The search for alternative energy sources continues as an ongoing quest that is increasingly driven by widespread concerns over global warming. One area of focus has been the potential use of animal manure, simply because there is a lot of it. The goal is to anaerobically convert the animal waste to methane for various energy applications. Although not yet available on a commercial scale, research on poultry litter is taking place in virtually every nation around the world.
Work in the field goes back to the 1970s or even earlier. In our ongoing celebration of GEN's 30th anniversary, we are publishing an article from the May/June 1982 issue. It discusses the development of one of the early anaerobic digestor systems for converting chicken manure into usable methane. The technology, which came from Taiwan, was being further advanced by scientists at North Carolina State University. Studies on the manure to methane conversion are still taking place at universities such as Virginia Polytechnic Institute and numerous companies including REM Engineering, Fibrowatt, Homeland Renewable Energy, and Alfagy.
—John Sterling, Editor in Chief
“As Seen in GEN—Flashback” Vol. 2, No. 3, May/June 1982
Chicken Waste to Methane: Anaerobic Trials at NC State
Dr. Jason Shih, a research scientist in the poultry science department at North Carolina State University, has developed an anaerobic digestor which economically converts chicken manure into usable methane (natural gas). Used in a commercial henhouse with 50,000 laying hens, the method could generate enough gas to heat 100 households, Dr. Shih estimates.
The unit is based on technology developed in Taiwan. Dr. Shih will deliver a paper on the system at an international seminar at Oxford University, Great Britain, this fall.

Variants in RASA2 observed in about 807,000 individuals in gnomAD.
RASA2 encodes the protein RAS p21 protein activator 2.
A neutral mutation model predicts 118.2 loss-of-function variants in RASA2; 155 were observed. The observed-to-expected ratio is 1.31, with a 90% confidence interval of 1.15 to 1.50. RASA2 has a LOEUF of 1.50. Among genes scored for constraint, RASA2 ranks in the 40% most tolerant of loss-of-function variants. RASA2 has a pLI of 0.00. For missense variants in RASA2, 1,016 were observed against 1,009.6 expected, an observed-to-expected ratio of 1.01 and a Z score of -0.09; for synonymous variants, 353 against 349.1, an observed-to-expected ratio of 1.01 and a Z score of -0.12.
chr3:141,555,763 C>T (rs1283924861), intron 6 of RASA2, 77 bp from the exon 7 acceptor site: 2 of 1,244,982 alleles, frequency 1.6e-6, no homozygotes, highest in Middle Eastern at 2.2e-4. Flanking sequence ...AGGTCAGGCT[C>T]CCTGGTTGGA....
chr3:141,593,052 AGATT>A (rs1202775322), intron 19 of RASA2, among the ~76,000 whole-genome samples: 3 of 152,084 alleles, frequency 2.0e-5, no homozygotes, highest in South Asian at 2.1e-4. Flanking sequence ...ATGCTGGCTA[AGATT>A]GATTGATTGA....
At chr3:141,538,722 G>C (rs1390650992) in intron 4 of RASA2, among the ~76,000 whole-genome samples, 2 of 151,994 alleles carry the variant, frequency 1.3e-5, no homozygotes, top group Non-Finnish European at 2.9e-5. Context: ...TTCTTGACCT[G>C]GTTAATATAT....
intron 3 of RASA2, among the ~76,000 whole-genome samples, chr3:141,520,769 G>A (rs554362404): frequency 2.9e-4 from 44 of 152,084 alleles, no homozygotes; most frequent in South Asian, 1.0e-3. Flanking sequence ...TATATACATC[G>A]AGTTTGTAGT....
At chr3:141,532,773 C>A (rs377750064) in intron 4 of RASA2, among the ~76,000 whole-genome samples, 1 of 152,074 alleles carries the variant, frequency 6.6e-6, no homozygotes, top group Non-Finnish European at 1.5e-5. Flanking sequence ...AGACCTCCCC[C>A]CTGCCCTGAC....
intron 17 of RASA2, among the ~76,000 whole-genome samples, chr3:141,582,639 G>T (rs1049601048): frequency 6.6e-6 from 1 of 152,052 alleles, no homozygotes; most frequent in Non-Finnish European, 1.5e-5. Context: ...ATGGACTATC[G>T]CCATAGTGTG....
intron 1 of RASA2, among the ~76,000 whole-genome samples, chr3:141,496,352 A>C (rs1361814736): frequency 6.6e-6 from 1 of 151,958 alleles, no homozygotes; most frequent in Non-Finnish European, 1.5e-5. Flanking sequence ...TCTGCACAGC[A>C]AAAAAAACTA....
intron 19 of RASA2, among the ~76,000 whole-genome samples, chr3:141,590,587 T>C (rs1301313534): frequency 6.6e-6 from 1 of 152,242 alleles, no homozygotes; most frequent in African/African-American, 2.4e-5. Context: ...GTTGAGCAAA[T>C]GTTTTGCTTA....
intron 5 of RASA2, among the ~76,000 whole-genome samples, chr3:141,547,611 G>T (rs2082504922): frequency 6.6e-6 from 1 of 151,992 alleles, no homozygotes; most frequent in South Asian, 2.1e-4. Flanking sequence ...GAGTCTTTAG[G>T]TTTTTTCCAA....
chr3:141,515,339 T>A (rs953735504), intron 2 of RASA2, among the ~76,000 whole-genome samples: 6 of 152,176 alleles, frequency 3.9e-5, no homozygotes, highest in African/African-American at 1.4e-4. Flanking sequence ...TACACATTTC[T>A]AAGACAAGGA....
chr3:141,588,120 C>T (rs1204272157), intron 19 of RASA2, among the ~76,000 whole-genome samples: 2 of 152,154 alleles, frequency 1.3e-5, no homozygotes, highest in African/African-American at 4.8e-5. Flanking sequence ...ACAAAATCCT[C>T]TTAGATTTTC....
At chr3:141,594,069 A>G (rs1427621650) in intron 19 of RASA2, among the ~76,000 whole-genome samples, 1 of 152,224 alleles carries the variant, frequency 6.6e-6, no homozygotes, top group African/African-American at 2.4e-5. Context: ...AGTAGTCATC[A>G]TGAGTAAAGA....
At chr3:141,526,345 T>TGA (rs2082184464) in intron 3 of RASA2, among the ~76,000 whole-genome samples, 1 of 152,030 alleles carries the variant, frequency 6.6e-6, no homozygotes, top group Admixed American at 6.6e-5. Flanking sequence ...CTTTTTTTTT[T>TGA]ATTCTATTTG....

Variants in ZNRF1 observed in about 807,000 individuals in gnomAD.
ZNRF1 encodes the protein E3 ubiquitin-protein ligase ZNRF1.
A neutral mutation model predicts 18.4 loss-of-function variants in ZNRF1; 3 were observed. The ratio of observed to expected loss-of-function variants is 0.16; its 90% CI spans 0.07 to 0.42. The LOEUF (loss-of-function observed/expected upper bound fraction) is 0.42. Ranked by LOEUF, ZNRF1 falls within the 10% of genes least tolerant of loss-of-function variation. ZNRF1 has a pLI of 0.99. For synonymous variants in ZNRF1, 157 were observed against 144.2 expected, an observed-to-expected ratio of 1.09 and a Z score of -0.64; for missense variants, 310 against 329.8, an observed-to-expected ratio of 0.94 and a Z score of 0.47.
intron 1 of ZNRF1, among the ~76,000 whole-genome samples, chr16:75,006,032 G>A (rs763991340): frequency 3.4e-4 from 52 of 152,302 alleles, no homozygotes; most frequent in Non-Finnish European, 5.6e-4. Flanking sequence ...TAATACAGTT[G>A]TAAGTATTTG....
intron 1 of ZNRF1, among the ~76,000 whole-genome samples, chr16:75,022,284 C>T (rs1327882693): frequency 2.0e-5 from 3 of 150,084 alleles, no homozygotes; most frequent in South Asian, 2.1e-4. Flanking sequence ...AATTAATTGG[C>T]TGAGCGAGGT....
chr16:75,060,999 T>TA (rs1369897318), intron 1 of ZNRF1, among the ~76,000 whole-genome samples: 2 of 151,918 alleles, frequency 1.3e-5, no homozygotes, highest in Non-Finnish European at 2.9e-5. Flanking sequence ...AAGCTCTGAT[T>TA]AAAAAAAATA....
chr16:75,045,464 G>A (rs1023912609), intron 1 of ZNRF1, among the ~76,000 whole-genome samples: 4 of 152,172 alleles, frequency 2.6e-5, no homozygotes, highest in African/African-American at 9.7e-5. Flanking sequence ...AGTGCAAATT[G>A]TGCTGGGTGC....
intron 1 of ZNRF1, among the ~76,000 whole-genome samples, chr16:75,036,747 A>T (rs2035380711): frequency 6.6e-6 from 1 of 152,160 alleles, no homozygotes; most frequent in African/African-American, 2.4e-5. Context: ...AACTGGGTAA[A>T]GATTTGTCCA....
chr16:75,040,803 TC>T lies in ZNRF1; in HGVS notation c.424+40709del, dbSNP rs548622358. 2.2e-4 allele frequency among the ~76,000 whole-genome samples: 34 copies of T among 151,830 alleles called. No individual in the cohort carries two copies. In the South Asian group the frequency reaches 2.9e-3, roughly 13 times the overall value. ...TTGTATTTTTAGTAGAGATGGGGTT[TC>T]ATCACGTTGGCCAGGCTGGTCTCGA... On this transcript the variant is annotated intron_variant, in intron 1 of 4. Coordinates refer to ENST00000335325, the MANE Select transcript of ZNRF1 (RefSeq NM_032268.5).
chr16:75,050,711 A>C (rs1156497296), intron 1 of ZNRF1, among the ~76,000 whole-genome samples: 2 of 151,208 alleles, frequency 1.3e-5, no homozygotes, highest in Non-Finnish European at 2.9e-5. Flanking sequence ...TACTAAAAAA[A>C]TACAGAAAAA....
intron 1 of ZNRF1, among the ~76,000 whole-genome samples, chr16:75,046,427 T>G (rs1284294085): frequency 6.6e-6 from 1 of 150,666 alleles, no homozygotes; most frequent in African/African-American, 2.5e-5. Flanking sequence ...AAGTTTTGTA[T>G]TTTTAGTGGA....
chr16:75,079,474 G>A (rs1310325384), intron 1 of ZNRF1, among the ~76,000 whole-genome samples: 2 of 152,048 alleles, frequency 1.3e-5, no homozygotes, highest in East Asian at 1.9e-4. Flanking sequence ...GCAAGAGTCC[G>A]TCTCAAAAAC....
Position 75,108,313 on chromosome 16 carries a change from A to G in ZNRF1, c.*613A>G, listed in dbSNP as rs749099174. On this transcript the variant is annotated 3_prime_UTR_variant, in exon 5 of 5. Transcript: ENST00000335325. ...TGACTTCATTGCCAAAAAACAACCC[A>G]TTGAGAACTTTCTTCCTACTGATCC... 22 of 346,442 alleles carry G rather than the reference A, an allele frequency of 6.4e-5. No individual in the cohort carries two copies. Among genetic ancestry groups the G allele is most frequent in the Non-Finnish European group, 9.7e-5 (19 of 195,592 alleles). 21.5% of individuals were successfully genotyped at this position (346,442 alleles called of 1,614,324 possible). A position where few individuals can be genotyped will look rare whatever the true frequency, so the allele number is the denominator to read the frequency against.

Several conferences this year have focused on newly developing anaerobic conversion techniques for producing methane from industrial and agricultural wastes. A series of new fermentations highlighted the Institute of Gas Technology's recent conference on Energy from Biomass and Waste, in Lake Buena Vista, Fla. Corning Glass Works is reportedly building a pilot plant for sewage conversion, based on immobilized methanogenic bacteria in a reactor designed by Corning's Dr. Ralph Messing.
Dr. Shih's digestor was designed and constructed over the course of a four-year research project funded by the Department of Energy Appropriate Technology Program, the North Carolina Agricultural Research Service and the North Carolina Energy Institute.
The fermentation occurs in two steps. Chicken manure is flushed into an insulated plastic bag, around which hot water circulates, serving as a heat exchange. Under tightly controlled conditions, thermophilic bacteria, which occur naturally in the intestines of chickens, break down large carbon compounds into acetates and short-chain fatty acids. In a second anaerobic fermentation, several strains of methanogenic bacteria—Dr. Shih uses 10 to 18 different active strains—convert the smaller compounds into methane.
The digestor was tested on a research farm near the university campus, outside Raleigh, in a 4,000-hen operation. A typical commercial egg-producing henhouse contains 50,000 layers and generates six to seven tons of manure daily. Dr. Shih told GEN his system could be scaled up to handle all of this waste, producing 10,000 cubic feet of methane per day, the equivalent of 10 million BTUs of energy. About 50 percent of this energy would have to be recycled back into the system, leaving 5 million BTUs to heat farm buildings, energy worth about $75 per day if optimally exploited, Dr. Shih estimated.
This type of digestor apparatus has been used in Dr. Shih’s native Taiwan to convert pig waste to methane for a number of years. The innovation in his system is the precision of control over fermentation conditions, Dr. Shih said.
Poultry science researchers, working with geneticists at NC State, are now attempting to characterize the bacteria involved. The university is in the process of establishing an interdisciplinary biotechnology program. One important goal, Dr. Shih said, is to identify the genes which govern the methane biosynthesis process. Preliminary studies suggest that several enzymes are involved, but no one knows which is key and virtually nothing is known about the regulator genes, Dr. Shih noted. An understanding of the genetic basis of methanogenesis might allow researchers to transfer genes for this function to the fermenting organisms involved in the initial step in the digestion, creating a one-step digestion and reducing time and expense for farmers.